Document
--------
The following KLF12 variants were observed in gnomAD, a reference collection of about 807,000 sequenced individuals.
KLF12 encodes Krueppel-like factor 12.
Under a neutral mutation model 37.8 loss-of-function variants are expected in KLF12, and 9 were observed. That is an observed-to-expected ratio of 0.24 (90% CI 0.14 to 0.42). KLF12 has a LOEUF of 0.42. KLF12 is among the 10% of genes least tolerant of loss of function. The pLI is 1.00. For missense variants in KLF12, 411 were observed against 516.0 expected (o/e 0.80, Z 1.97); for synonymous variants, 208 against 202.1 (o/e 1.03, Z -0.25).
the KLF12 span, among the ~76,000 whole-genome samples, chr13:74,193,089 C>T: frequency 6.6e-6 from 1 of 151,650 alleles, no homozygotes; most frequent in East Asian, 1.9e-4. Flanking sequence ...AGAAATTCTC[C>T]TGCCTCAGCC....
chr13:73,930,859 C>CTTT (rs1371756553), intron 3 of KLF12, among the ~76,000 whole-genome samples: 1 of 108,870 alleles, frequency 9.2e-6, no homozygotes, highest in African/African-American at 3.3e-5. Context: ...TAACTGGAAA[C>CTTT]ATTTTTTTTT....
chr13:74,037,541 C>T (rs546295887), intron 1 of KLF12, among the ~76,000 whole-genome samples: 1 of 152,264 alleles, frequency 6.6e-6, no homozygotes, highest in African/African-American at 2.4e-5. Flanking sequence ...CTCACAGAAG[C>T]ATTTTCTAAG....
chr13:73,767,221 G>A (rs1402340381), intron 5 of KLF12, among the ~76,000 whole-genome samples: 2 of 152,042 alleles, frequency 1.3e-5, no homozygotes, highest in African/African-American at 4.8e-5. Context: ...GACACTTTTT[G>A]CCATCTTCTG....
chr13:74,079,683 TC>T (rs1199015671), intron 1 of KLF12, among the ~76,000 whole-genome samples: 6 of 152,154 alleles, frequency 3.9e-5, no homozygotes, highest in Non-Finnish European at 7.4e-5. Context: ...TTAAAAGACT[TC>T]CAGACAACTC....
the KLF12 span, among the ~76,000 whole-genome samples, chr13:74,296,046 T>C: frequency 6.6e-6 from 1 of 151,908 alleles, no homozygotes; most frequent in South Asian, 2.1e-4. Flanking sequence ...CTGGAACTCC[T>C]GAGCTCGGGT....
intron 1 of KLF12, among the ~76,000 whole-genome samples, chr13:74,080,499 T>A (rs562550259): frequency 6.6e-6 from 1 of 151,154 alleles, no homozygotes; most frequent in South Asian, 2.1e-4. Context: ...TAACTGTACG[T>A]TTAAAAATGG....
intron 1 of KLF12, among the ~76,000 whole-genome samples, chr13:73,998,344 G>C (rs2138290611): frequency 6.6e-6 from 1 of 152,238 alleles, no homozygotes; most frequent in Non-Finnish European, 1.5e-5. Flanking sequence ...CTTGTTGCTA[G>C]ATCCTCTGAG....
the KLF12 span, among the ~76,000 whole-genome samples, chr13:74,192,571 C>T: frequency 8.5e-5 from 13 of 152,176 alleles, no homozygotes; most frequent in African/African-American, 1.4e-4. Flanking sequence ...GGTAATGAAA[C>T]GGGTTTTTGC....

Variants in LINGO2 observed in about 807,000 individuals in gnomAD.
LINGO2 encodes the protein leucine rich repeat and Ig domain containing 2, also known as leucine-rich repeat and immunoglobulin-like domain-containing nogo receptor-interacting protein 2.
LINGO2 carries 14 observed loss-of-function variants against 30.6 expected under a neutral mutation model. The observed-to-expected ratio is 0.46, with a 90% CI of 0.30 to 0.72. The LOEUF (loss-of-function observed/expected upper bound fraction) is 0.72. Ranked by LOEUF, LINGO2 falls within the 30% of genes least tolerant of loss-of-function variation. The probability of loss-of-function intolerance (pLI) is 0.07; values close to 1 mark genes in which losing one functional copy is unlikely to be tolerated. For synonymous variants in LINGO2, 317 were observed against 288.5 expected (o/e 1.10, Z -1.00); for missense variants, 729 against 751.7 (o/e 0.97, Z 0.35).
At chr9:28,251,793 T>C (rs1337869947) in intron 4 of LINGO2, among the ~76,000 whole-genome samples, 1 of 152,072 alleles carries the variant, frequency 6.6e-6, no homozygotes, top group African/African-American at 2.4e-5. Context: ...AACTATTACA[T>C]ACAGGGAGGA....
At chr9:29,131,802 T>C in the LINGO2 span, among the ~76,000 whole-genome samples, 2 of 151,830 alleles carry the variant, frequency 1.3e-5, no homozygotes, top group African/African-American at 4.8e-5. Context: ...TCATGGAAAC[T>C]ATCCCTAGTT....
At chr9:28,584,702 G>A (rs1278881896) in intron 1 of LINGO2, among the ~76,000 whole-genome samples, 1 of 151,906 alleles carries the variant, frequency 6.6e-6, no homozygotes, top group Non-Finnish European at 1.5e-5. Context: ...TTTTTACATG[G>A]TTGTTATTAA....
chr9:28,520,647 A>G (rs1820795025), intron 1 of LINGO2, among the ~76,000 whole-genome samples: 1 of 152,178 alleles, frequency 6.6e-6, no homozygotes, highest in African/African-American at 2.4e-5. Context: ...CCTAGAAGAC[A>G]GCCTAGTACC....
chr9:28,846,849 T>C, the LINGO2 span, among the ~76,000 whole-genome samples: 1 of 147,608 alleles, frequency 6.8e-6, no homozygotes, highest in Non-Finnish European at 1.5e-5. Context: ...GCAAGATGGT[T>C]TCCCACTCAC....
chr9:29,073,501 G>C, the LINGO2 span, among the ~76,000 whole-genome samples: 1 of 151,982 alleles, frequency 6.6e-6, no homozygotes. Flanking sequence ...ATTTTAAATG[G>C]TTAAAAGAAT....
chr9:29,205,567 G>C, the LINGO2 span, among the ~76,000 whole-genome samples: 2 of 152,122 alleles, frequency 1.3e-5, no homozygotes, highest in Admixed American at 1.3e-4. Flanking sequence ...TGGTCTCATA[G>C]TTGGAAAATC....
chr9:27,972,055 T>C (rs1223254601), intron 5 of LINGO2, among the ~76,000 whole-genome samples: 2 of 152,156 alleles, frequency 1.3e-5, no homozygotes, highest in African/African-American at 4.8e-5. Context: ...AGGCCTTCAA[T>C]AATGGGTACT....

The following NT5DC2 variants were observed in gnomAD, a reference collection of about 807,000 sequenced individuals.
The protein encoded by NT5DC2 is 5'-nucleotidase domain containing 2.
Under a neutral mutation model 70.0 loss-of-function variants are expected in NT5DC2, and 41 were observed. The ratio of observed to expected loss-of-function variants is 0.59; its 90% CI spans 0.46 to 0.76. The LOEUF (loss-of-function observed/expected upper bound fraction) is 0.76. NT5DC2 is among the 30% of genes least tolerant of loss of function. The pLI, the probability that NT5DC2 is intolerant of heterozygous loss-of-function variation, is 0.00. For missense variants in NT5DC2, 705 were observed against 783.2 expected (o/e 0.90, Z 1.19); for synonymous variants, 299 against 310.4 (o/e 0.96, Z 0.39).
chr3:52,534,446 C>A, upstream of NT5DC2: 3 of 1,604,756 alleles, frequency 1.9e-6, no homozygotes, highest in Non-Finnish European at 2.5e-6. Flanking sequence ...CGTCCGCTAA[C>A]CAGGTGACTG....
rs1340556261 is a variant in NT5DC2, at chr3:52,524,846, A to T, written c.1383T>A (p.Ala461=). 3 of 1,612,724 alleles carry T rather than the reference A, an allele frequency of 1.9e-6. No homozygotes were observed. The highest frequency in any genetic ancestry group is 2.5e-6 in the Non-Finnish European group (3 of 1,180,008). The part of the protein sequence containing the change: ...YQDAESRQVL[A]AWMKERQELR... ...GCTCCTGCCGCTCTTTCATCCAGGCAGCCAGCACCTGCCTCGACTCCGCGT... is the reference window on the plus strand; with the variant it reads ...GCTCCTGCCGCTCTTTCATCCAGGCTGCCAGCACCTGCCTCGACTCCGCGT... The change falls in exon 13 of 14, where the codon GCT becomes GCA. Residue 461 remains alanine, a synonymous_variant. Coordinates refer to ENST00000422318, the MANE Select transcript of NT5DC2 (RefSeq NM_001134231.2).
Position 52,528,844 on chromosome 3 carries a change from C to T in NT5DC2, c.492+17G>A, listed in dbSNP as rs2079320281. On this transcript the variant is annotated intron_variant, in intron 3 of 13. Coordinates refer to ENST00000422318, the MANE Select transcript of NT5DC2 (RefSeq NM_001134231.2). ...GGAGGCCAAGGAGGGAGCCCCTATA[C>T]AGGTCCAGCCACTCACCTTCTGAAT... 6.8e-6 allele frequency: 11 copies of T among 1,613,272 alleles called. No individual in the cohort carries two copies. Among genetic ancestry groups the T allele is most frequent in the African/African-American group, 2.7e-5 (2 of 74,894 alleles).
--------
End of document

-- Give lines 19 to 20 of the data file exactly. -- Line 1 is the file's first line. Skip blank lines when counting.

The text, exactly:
chr9:28,520,647 A>G (rs1820795025), intron 1 of LINGO2, among the ~76,000 whole-genome samples: 1 of 152,178 alleles, frequency 6.6e-6, no homozygotes, highest in African/African-American at 2.4e-5. Context: ...CCTAGAAGAC[A>G]GCCTAGTACC....
chr9:28,846,849 T>C, the LINGO2 span, among the ~76,000 whole-genome samples: 1 of 147,608 alleles, frequency 6.8e-6, no homozygotes, highest in Non-Finnish European at 1.5e-5. Context: ...GCAAGATGGT[T>C]TCCCACTCAC....